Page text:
Are you a woman and interested in running for office in New Jersey in the future?

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If so, The Center for American Women and Politics at Rutgers University is holding its two-day Ready to Run New Jersey weekend program next month.

It is a bi-partisan program covered by CAWP for women who either want to run for office, want to work on a campaign, get appointed to office, become community leaders, or just learn about the political system.

The event starts at noon on Friday, March 17 at The Douglass Student Center at Rutgers University in New Brunswick and lasts until Saturday, March 18.

Tammy Murphy
Tammy Murphy (AP Photo/Julio Cortez)

What does the conference involve?

The conference features two tracks to meet women’s needs, said Rebecca Schwartz, board member of Millennials for NJ.

Track 1 is called “I’m Ready to Run, Now What?”

This is for women who have either put their names on the ballot for this year or who are looking to run for office in the immediate future to look for skills they can use on the campaign trail, Schwartz said.

Mikie Sherrill

Track 2 is called “I’m Not Ready to Run Yet, But..”

This is for women who are not yet ready to run, looking to become community organizers, looking for a hands-on approach, or how to get started in a campaign career, and learn more about New Jersey’s political landscape, she added.

Three sessions will be offered on Friday, March 17 to encourage more women of color to run for office. These sessions include Elections and Leadership Latina Academy, Rising Stars: Education Asian American Women for Politics, and Run Sister Run: Women of the African Diaspora Changing the Political Landscape.

What will participants learn?

Schwartz completed the program in 2016. “The panelists are the best in their field when it comes to fundraising, social media, and interview tips, and the elected officials who speak first handily on the process provide mentorship and reassurance for women who are just finding their own voices,” she said.

Participants will also walk away with “how to” instructions on running for office, a better understanding of party politics, internet strategies for campaigns, and simply how to get started on a road to a political career in New Jersey.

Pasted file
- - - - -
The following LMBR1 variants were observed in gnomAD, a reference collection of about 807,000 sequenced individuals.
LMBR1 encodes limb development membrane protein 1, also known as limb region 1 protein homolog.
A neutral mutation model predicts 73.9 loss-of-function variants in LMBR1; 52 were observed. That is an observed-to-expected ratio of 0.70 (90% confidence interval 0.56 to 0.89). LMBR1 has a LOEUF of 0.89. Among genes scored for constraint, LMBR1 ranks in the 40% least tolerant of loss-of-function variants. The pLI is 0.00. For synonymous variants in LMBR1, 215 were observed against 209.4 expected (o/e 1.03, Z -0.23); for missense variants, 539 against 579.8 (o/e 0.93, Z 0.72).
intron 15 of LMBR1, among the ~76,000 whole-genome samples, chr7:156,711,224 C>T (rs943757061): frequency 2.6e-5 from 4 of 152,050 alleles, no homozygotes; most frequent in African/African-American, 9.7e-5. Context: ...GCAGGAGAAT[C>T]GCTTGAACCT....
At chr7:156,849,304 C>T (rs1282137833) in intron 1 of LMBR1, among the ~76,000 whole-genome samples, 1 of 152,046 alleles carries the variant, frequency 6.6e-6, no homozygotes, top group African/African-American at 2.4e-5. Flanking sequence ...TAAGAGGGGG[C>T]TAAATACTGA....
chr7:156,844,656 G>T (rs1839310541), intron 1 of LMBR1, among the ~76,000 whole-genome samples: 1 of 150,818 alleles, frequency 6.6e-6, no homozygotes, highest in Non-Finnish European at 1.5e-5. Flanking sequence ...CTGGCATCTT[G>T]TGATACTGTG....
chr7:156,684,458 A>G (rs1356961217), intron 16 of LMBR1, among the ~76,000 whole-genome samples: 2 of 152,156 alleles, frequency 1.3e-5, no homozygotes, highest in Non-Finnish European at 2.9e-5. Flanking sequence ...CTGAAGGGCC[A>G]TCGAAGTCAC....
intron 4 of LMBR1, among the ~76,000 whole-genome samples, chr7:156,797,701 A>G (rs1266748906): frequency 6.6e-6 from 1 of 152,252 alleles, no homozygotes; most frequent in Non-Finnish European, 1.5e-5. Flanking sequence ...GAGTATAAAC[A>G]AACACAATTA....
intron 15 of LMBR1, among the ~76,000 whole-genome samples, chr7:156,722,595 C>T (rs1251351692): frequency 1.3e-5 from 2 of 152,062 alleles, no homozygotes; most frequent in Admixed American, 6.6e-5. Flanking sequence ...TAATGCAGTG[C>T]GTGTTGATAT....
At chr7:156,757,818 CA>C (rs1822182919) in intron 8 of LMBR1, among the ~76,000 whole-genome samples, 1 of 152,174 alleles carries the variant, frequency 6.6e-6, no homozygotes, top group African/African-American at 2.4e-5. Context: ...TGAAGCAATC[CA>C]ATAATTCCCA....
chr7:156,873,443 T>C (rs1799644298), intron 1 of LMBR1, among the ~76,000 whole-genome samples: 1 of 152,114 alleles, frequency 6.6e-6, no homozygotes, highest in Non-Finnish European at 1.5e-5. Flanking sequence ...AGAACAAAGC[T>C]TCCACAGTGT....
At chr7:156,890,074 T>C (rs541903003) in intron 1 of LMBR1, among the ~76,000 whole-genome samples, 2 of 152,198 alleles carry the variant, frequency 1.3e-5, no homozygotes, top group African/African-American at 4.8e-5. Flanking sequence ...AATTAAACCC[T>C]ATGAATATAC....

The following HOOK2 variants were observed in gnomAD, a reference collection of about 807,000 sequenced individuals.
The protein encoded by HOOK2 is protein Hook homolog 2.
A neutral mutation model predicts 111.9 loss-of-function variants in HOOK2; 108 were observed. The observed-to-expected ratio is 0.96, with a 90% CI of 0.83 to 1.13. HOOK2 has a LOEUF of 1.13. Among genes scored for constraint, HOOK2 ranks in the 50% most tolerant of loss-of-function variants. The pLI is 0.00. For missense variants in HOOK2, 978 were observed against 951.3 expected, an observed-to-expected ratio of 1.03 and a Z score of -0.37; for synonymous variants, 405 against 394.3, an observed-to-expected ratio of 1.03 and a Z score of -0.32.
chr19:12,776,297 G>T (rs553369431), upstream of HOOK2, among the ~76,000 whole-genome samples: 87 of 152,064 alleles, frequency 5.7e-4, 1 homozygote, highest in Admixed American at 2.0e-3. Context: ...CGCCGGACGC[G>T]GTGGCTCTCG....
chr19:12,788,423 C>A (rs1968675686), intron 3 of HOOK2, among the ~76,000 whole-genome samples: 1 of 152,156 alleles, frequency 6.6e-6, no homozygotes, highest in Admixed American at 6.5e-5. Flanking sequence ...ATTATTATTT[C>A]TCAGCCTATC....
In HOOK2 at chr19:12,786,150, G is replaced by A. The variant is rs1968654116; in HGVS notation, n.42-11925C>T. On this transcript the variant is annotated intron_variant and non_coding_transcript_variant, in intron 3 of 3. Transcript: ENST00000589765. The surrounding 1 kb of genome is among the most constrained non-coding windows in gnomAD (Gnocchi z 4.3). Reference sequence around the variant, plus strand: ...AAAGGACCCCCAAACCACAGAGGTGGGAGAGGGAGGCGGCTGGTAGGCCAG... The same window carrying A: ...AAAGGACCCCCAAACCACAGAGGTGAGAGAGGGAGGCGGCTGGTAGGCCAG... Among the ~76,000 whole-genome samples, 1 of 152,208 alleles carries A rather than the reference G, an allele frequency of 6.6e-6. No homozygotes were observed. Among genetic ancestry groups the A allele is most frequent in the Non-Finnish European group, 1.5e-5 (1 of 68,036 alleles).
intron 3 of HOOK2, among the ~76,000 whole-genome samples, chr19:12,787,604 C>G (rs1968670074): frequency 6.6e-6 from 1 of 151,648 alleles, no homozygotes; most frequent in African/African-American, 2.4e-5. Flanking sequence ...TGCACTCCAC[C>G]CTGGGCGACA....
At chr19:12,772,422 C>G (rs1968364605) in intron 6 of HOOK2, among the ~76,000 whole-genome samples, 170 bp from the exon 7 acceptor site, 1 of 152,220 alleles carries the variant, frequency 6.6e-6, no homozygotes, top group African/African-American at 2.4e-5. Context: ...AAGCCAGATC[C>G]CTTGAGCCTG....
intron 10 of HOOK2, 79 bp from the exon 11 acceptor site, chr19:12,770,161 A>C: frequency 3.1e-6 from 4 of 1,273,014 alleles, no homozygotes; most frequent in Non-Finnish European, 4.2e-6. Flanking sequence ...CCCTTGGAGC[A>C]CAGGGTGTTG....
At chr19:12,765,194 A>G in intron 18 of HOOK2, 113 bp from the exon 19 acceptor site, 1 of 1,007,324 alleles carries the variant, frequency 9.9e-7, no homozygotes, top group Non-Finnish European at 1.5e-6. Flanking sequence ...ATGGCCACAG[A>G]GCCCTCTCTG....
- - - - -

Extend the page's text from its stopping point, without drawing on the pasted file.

Sheila Oliver
Governor's Office/Tim Larsen

What is the importance of women in politics in New Jersey?

Women are the leaders of major infrastructure initiatives including health care, education, and child care and young women are leading the charge on high generational issues like the climate crisis.

“So without women’s voices in the room, these important topics that affect our entire society are often under-prioritized or often forgotten,” Schwartz said.

What is the status of women’s politics in New Jersey?

As of 2023, Schwartz said out of the 120 seats in the New Jersey state legislature, 42 are held by women, 11 in the Senate, and 31 in the Assembly.

Out of the 135 county commissioner seats, 50 are held by women, and out of the 565 municipalities in New Jersey, 94 have female mayors.

While there has been a lot of progress, more needs to be done to get women interested and elected to political positions in the Garden State, Schwartz said.

Sen. Kristin Corrado (left). Passaic County Prosecutor Camilia Valdes (right). (Townsquare Media NJ illustration)
Sen. Kristin Corrado (left). Passaic County Prosecutor Camilia Valdes (right). (Townsquare Media NJ illustration)

How can the state help get more millennial women involved in politics?

Millennials for NJ is dedicated to recruiting and helping elect millennial candidates in New Jersey, Schwartz said. Millennials are the largest adult population and the largest generation in the labor force, yet they are severely underrepresented in elected office.

Schwartz said from what she has seen, most young women do not seek public office because they feel that they are underqualified and inexperienced. But she said this is a false, and frustrating narrative that needs to be eliminated.

She said in reality, the biggest obstacle women face is fundraising.

While women should just run for office, the realistic first step is introducing them to programs like Ready to Run so they can join a community of like-minded women who help each other reach their goals, she said.

“I am proud to have completed this program and I have met so many community leaders doing amazing work. The more women with each, the more successful we will be collectively,” Schwartz said.

The registration fee for Ready to Run is $225. The fee includes meals and all conference materials.

Scholarships are also available. Register here.

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